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Qatar set to reform sponsorship system

Gulf Times

15 May 2014
Qatar has announced its "intention" to reform the prevailing Kafala (sponsorship) system with a set of new amendments to the existing labour law. The amendments will impact "all" migrant workers only after it is approved by the government after going through its "legislative cycle". Apart from the "renaming" of the "Kafala" law and dropping the word "sponsorship" from it, the major changes proposed in the new labour law, are: *modifications to the exit permit system whereby employers' "consent" would no longer be required and; *the no-objection certificate (NOC), presently required by a worker when he switches jobs, would now be governed strictly by an "employment contract system".

The major announcement was made yesterday at a press conference titled "Qatar introduces wide-ranging market labour market reforms", where a several hundred-strong media contingent, comprising international and local press, was present. It was addressed by senior Ministry of Interior officials, including Brigadier Mohamed Ahmed al-Atiq (assistant director general of General Directorate of Border, Passports and Expatriate Affairs) and Colonel Abdullah Saqr al-Mohannadi (director, Human Rights Department). The Ministry of Labour & Social Affairs was represented by Salih Saeed al-Sahwi (manager, Labour Relations Department) and Ali Ahmad al-Khulaifi (director, Planning & Quality Department).

The current exit permit system, which requires employers' consent for an employee to leave the country, has now been proposed to be replaced with an automated system that would now require only the consent of the Ministry of Interior itself. The Metrash 2 e-government system will "automatically" grant an exit permit to an employee after his/her 72-hour "grace period" prior to departure ends. Colonel al-Muhannadi said that although the exit permit would no longer be in the hand of employers, the employee should notify the employer of his intention to exit the country. In the case of a dispute between the employer and the employee, a special committee comprising MoI and MoL would resolve the issue within 72 hours of submission of such a request, he added. Moreover, the employer would no longer be financially liable for their employee after the new law comes into effect.

"Any financial obligations incurred by the employee while in Qatar will be governed by the state's Civil and Commercial Law," the official statement said. The NOC that regulates the transfer of employees to different employers would be replaced with an "employment contract system", which would allow workers on "fixed-term" contracts to transfer to another employer at the end of that term. If the employment contract of a worker is "indefinite", the employee can switch jobs to another employer after five years from the date of the contract. A model employment contract would be distributed by the government that would contain the new terms and conditions contained in the laws.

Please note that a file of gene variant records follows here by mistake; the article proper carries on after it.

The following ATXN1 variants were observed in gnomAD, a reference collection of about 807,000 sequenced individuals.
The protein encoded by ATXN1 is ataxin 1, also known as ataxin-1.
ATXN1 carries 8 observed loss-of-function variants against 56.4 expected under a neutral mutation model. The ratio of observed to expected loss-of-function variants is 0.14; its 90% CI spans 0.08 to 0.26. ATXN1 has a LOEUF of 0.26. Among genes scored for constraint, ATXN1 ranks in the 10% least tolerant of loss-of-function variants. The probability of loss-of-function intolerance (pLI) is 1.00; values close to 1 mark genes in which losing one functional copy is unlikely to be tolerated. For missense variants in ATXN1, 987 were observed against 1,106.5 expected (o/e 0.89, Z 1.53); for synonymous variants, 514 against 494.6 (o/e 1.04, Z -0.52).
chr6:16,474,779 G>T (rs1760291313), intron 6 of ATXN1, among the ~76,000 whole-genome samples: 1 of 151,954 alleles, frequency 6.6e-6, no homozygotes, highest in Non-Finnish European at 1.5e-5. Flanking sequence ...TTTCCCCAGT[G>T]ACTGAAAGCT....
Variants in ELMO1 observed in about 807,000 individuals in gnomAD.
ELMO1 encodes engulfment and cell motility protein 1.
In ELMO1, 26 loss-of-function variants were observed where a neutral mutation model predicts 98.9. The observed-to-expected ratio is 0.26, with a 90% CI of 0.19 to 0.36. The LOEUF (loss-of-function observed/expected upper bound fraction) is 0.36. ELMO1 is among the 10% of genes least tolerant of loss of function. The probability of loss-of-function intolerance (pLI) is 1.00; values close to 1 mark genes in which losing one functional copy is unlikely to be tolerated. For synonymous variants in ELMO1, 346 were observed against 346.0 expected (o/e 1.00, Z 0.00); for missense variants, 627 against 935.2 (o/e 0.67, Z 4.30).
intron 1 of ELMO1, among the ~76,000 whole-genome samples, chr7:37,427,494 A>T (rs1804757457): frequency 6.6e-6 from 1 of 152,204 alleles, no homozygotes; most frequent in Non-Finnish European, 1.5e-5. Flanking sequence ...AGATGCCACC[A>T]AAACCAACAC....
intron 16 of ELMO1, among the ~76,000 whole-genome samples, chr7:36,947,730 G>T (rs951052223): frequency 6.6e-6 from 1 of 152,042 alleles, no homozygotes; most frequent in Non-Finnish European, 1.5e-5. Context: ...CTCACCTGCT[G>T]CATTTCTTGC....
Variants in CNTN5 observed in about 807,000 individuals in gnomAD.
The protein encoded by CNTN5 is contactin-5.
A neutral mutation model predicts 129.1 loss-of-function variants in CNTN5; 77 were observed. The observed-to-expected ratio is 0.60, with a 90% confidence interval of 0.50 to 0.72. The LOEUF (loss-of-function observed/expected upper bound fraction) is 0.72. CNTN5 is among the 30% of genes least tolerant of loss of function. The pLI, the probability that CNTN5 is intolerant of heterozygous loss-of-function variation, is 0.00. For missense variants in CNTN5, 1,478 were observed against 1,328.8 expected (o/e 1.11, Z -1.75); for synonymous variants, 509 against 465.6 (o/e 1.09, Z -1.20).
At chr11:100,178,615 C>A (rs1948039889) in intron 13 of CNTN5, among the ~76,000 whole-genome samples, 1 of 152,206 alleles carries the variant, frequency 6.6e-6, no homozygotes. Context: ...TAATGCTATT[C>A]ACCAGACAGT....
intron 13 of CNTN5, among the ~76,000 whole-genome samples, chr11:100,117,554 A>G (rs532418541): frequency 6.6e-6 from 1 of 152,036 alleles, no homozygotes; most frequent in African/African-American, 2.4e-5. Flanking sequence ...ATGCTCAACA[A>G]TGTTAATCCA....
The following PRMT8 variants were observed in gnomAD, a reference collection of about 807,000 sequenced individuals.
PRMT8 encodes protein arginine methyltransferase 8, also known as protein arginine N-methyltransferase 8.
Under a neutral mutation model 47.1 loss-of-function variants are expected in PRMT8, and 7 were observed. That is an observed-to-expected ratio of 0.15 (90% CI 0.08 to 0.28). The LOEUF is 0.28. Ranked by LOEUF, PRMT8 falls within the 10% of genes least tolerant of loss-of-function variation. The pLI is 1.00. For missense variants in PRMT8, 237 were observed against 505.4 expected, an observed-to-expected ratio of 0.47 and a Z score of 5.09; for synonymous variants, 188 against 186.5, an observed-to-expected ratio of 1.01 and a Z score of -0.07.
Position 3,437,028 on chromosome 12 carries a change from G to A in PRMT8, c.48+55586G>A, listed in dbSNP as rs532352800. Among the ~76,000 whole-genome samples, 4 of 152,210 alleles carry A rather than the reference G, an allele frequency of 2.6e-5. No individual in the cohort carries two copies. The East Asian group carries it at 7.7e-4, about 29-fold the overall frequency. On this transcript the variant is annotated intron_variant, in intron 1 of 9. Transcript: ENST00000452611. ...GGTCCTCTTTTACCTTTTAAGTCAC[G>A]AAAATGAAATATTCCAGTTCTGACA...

Employers would be able to add conditions to the model contract as long as they were consistent with the new law. All existing contracts would remain valid until employers bring them in line with the new model contract within a one year grace period "from the time the new law goes into effect". The officials stressed that the proposed amended law would have to first go through its "normal legislative cycle", including evaluation by its legislative branch, the Shura Council and financial entities such as the Qatar Chamber before it was referred back to the government for a final approval.

They, however, did not give any time frame when the amendments to the labour law would be ratified and come into force. Amendments 'will apply to domestic workers too' The proposed amendments to the labour law and system will apply to all migrant workers in Qatar, including domestic workers and unskilled labourers, announced Brigadier Mohamed Ahmed al-Atiq, assistant director general of General Directorate of Border, Passports and Expatriate Affairs. "The current stipulation that workers need to leave Qatar for two years before getting the permission to work for a new company would also be abolished. Eventually, workers, who leave the country, could enter again on a new work visa and new work contact, unless there were other pending legal issues," he explained.

Colonel Abdullah Saqr al-Mohannadi, director, Human Rights Department, Ministry of Interior, stated that the proposed modifications of the labour law were not being done due to any external pressures from human rights bodies. "We started to modify the law out of humanitarian obligations, when we felt that there was a need to do it as part of developing and upgrading all the systems of the country to complete the full legal system in Qatar," he added.

© Gulf Times 2014


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